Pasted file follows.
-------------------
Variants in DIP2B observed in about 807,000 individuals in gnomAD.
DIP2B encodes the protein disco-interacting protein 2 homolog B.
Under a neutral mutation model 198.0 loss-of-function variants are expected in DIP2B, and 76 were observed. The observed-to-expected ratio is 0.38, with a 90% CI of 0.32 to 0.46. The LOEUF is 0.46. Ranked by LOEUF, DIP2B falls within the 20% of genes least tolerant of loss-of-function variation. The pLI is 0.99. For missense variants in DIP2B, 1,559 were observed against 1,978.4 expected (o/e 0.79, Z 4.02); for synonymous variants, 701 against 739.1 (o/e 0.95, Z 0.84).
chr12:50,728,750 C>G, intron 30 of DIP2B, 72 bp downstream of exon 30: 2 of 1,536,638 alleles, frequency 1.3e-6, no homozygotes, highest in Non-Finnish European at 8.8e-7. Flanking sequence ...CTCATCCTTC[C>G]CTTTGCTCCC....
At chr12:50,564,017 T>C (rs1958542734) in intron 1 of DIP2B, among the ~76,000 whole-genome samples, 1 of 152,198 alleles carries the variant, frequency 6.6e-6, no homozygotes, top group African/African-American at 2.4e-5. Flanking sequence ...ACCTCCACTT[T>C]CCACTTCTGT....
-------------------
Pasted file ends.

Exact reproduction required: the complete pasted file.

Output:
Variants in DIP2B observed in about 807,000 individuals in gnomAD.
DIP2B encodes the protein disco-interacting protein 2 homolog B.
Under a neutral mutation model 198.0 loss-of-function variants are expected in DIP2B, and 76 were observed. The observed-to-expected ratio is 0.38, with a 90% CI of 0.32 to 0.46. The LOEUF is 0.46. Ranked by LOEUF, DIP2B falls within the 20% of genes least tolerant of loss-of-function variation. The pLI is 0.99. For missense variants in DIP2B, 1,559 were observed against 1,978.4 expected (o/e 0.79, Z 4.02); for synonymous variants, 701 against 739.1 (o/e 0.95, Z 0.84).
chr12:50,728,750 C>G, intron 30 of DIP2B, 72 bp downstream of exon 30: 2 of 1,536,638 alleles, frequency 1.3e-6, no homozygotes, highest in Non-Finnish European at 8.8e-7. Flanking sequence ...CTCATCCTTC[C>G]CTTTGCTCCC....
At chr12:50,564,017 T>C (rs1958542734) in intron 1 of DIP2B, among the ~76,000 whole-genome samples, 1 of 152,198 alleles carries the variant, frequency 6.6e-6, no homozygotes, top group African/African-American at 2.4e-5. Flanking sequence ...ACCTCCACTT[T>C]CCACTTCTGT....